• Start: SD 740 360
  • End: SD 740 360
  • Country: England
  • County: Lancashire
  • Type: Country
  • Nearest pub: The Dog Inn, Whalley
  • Ordnance Survey: OS EXPLORER 287 OL41
  • Difficulty: Medium
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The Hyndburn Ramblers go plodding around Pendle Report by Phil Bedson Photography by Howard Ashworth

After recent rainy days it was a great surprise to see the sun for the early start of The Pendle Plod.

A total of 14 people gathered at Spring Wood nr Whalley for the 20 mile walk that would take them around and over the well known Lancashire landmark of Pendle Hill. With everyone in good spirits the start was a brief climb up to Clerk Hill and then around onto the lane towards Bramley Farm where the lead walkers were mobbed by the incumbent ‘guard sheep’.

Further up the lane the route diverged across a field which, due to knee high grass, proved to be a little hard going for the leader but much easier for everyone else as they followed in single file. Another couple of fields took us to Higher Whins and then yet a couple more fields later we were on Clitheroe Road above the village of Sabden. It was a short walk through the houses towards Heyhouses where a drink stop was called.

From Heyhouses we dropped down the small lane towards the church of St Nicholas where a left turn along a track led us into the most foulest stretch of all time. It was literally wall to wall liquid manure and everyone had no option but to go through it.

The grassy field afterwards helped clean the boots of the worst and the puddles in the next track helped to wash the soles thoroughly. Suitably cleaned up the group headed along the track to Dean Farm at a good pace and, after a brief pause to close everyone up a little, continued on towards Back o’ th’ Hill.

It was here the leader once again found himself at the front to blaze a path through the nettle overgrown narrow path – in shorts – for everyone to subsequently follow. It was a straightforward route through to Higher Town and in the next field we had a short sit down break.


From this point forward we would be following a local trail called the Pendle Way for some distance. Passing near to Bull Hole the leader regaled the story of Demdike, one of the famous Pendle Witches, allegedly bewitching one the cows of John Nutter who lived here. The route continued on through Moss End and on into the village of Newchurch-in-Pendle famous for its connections with the aforementioned Pendle Witches.

This was the start of the serious climbing for the day and it was getting hotter every minute. The group ascended up towards Fell Wood and were grateful of the cool shelter provided by the trees before once again entering the sunshine at Lower Ogden Reservoir.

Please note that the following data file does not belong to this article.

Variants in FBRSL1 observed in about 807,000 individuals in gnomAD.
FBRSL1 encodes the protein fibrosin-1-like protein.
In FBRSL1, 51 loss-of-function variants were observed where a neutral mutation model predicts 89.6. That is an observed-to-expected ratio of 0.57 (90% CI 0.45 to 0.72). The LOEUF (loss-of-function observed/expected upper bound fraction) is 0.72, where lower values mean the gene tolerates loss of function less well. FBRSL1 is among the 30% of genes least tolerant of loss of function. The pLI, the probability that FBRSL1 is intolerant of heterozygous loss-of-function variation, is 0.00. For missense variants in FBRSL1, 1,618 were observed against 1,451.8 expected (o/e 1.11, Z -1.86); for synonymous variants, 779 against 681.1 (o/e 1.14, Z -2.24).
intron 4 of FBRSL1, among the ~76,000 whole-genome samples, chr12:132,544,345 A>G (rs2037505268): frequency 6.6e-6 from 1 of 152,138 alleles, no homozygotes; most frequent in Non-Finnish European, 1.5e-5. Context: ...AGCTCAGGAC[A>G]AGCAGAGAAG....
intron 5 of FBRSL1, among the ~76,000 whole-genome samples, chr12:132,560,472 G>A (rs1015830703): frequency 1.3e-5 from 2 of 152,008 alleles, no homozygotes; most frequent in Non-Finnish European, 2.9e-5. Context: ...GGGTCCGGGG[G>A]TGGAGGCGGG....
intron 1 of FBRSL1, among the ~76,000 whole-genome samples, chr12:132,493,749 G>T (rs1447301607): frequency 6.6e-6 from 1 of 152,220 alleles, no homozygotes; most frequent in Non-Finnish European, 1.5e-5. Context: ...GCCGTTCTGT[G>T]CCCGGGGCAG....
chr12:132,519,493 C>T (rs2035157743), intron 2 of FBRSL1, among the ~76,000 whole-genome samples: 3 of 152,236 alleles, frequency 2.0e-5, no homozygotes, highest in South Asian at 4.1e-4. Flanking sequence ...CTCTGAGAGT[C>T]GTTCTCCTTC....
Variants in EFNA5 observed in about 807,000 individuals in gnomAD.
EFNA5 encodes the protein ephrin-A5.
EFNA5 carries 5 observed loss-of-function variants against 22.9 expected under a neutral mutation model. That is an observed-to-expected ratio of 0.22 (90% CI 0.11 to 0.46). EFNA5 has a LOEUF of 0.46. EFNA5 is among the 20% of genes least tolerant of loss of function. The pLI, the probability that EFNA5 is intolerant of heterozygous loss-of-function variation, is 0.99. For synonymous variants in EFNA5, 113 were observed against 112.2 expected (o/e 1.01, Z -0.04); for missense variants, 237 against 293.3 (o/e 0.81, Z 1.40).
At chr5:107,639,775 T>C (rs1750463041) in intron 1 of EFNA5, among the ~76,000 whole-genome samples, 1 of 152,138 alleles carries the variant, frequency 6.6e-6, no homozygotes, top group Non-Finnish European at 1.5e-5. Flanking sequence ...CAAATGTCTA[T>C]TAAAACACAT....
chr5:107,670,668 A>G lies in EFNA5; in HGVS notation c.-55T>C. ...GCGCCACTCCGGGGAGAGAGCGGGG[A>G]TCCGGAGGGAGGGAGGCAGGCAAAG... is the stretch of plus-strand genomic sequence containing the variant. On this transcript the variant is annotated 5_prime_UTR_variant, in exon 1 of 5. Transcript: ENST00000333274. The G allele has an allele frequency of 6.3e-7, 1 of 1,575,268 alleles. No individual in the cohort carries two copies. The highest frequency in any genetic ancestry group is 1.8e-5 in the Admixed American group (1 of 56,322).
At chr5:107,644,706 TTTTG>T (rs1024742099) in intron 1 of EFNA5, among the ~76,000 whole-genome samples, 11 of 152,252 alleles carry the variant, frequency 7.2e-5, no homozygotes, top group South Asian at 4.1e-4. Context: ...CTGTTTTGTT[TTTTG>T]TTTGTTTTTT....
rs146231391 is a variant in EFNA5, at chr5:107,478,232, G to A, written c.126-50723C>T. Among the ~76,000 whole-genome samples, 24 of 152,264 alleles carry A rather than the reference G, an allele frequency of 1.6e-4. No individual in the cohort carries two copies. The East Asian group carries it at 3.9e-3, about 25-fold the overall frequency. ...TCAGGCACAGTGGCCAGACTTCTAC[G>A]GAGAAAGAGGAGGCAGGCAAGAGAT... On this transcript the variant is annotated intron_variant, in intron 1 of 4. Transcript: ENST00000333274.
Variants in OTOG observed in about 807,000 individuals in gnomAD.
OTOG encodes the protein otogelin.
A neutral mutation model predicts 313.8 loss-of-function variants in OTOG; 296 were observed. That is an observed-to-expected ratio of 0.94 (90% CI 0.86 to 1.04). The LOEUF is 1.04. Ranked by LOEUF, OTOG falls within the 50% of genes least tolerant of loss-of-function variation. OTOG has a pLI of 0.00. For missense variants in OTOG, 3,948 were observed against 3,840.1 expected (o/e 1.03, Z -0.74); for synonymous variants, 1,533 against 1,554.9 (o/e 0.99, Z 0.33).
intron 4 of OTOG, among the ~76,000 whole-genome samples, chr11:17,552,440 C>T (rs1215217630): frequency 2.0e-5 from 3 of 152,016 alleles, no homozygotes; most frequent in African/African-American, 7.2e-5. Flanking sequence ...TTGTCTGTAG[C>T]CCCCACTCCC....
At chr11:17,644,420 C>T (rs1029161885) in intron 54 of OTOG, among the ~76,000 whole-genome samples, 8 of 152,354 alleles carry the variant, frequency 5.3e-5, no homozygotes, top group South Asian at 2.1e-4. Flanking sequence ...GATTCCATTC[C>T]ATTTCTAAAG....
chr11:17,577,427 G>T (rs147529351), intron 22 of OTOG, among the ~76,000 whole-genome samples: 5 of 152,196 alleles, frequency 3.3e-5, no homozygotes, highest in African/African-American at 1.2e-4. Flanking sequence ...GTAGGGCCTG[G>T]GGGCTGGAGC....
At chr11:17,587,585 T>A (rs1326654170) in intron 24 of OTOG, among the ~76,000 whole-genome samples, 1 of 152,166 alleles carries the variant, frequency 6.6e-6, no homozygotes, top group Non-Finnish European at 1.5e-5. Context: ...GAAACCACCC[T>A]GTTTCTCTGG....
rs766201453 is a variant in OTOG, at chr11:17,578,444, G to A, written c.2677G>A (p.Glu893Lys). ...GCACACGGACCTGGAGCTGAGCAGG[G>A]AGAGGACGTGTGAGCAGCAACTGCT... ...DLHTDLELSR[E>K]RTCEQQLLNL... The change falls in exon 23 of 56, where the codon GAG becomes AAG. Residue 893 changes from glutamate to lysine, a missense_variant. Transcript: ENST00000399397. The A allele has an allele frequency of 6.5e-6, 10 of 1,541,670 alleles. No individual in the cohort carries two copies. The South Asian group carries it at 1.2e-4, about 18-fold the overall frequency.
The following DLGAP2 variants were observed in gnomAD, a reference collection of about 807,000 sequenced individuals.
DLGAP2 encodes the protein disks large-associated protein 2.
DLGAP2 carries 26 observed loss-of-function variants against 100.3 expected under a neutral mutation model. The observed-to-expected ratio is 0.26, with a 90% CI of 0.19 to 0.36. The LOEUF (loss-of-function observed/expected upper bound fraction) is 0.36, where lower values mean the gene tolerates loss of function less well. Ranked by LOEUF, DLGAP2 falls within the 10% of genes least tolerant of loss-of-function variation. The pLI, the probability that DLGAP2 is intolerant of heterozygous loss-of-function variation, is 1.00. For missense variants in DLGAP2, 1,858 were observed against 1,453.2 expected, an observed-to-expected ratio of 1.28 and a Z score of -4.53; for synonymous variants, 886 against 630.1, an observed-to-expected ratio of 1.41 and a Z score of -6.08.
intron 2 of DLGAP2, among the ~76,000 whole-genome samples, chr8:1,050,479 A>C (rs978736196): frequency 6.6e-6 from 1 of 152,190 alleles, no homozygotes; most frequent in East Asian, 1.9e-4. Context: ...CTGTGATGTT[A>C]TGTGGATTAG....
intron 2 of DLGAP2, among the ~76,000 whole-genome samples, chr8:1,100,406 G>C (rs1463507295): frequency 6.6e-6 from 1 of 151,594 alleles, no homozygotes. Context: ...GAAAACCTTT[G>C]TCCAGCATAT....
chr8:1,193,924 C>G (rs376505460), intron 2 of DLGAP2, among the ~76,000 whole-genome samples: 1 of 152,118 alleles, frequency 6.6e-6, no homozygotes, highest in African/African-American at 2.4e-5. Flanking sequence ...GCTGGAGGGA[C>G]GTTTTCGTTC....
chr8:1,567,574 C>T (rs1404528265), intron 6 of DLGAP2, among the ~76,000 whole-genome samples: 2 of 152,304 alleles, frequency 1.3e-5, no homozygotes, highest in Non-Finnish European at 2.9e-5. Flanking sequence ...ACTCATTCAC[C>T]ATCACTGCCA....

It was at this point we had to say goodbye to one of our number who had unfortunately triggered a recurring calf muscle problem but we’d meet up again later. Just after passing Upper Ogden we re-grouped before the main climb up to the summit of Pendle using a path indicated by a newly installed waymarker for the Pendle Way.

It seemed a long drag up to the trig point for some and the heat didn’t do any favours but everyone made it in their own time and posed quite cheerfully for the group photo. At the wall further on we stopped for lunch.

Having now left the Pendle Way we dropped off the edge of the hill and made our way towards Downham, a small village nestled in the shadow of Pendle and well known for its roles in the movie Whistle Down The Wind and the TV series Born and Bred. We skirted the southern edge and headed south west out of the village towards Worsaw End, the farm used in the film above.

From here we dropped down onto a small lane and made our way around to the entrance to Angram where a skilfully camouflaged stile led into a field. The next mile or so was a pleasant stroll along field paths and tracks until we reached the not so pleasant Lane Side. It has always been a little muddy around here but today we had another river of slurry to cross reminiscent of earlier in the day.

We made it across without too much mess really mainly due to an ideally located wooden pallet. At Mearley Hall we turned off the track and set off uphill. This was to be the start of the last major climb of the day although once we reached the barn on the edge of the access area another break was declared.

It isn’t all that steep of a climb up over the moor up towards the Nick o’ Pendle but it can seem to go on a bit, especially after passing Howcroft Barn. We passed The Wellsprings which used to be a public house, more than welcome on a warm day like today, but nowadays it is a Mexican Restaurant. The good track down towards Wymondhouses is easy to follow but you still need a watchful eye as, upon nearing the farm, there is a concessionary diversion which bypasses the buildings altogether.

The subsequent fields towards Cold Coats are simple to navigate and as such we were soon on the Pendleton Road. The road was followed all the way into Wiswell and at a small community area we had a water stop before the final mile or so – including a final climb. The last climb was felt by a few but by the time we had reached Clerk Hill again it was forgotten about as people recognised we were near to the end. Indeed one person was intent on doing a little dance of celebration as we dropped down the hill!

We arrived back in the car park exactly nine hours after leaving which, when you include the break and lunch stops, probably means we averaged a little over 2.5mph. On such a warm day this was good going and everyone thoroughly deserved their certificates at the end of the day which were presented over a cold drink at The Dog Inn, Whalley.

Report by Phil Bedson  Photography by  Howard Ashworth


  SD 740 360

WALK LENGTH 20 mls / 33 km
TIME 8 hrs

MAX HEIGHT  554 mtrs
MIN HEIGHT  83 mtrs


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